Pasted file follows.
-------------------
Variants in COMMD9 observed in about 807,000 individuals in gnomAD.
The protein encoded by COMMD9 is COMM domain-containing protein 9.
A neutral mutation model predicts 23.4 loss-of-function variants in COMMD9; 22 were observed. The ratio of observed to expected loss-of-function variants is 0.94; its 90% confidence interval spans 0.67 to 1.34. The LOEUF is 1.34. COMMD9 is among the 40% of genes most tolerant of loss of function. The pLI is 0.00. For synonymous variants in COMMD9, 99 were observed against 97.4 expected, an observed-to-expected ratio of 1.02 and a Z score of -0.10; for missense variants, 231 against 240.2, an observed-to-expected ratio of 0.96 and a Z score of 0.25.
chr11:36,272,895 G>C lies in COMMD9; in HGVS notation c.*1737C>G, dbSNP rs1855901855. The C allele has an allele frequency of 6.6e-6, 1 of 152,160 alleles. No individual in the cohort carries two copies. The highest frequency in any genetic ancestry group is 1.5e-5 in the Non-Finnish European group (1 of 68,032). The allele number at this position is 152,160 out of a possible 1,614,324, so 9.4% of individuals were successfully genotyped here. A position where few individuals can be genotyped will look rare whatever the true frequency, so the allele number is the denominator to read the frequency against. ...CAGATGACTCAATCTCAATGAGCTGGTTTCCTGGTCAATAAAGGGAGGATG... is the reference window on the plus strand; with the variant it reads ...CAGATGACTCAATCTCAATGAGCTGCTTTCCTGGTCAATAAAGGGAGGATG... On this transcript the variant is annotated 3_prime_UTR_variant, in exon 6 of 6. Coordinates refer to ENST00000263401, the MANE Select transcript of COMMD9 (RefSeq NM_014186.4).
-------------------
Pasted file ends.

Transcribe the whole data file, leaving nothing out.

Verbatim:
Variants in COMMD9 observed in about 807,000 individuals in gnomAD.
The protein encoded by COMMD9 is COMM domain-containing protein 9.
A neutral mutation model predicts 23.4 loss-of-function variants in COMMD9; 22 were observed. The ratio of observed to expected loss-of-function variants is 0.94; its 90% confidence interval spans 0.67 to 1.34. The LOEUF is 1.34. COMMD9 is among the 40% of genes most tolerant of loss of function. The pLI is 0.00. For synonymous variants in COMMD9, 99 were observed against 97.4 expected, an observed-to-expected ratio of 1.02 and a Z score of -0.10; for missense variants, 231 against 240.2, an observed-to-expected ratio of 0.96 and a Z score of 0.25.
chr11:36,272,895 G>C lies in COMMD9; in HGVS notation c.*1737C>G, dbSNP rs1855901855. The C allele has an allele frequency of 6.6e-6, 1 of 152,160 alleles. No individual in the cohort carries two copies. The highest frequency in any genetic ancestry group is 1.5e-5 in the Non-Finnish European group (1 of 68,032). The allele number at this position is 152,160 out of a possible 1,614,324, so 9.4% of individuals were successfully genotyped here. A position where few individuals can be genotyped will look rare whatever the true frequency, so the allele number is the denominator to read the frequency against. ...CAGATGACTCAATCTCAATGAGCTGGTTTCCTGGTCAATAAAGGGAGGATG... is the reference window on the plus strand; with the variant it reads ...CAGATGACTCAATCTCAATGAGCTGCTTTCCTGGTCAATAAAGGGAGGATG... On this transcript the variant is annotated 3_prime_UTR_variant, in exon 6 of 6. Coordinates refer to ENST00000263401, the MANE Select transcript of COMMD9 (RefSeq NM_014186.4).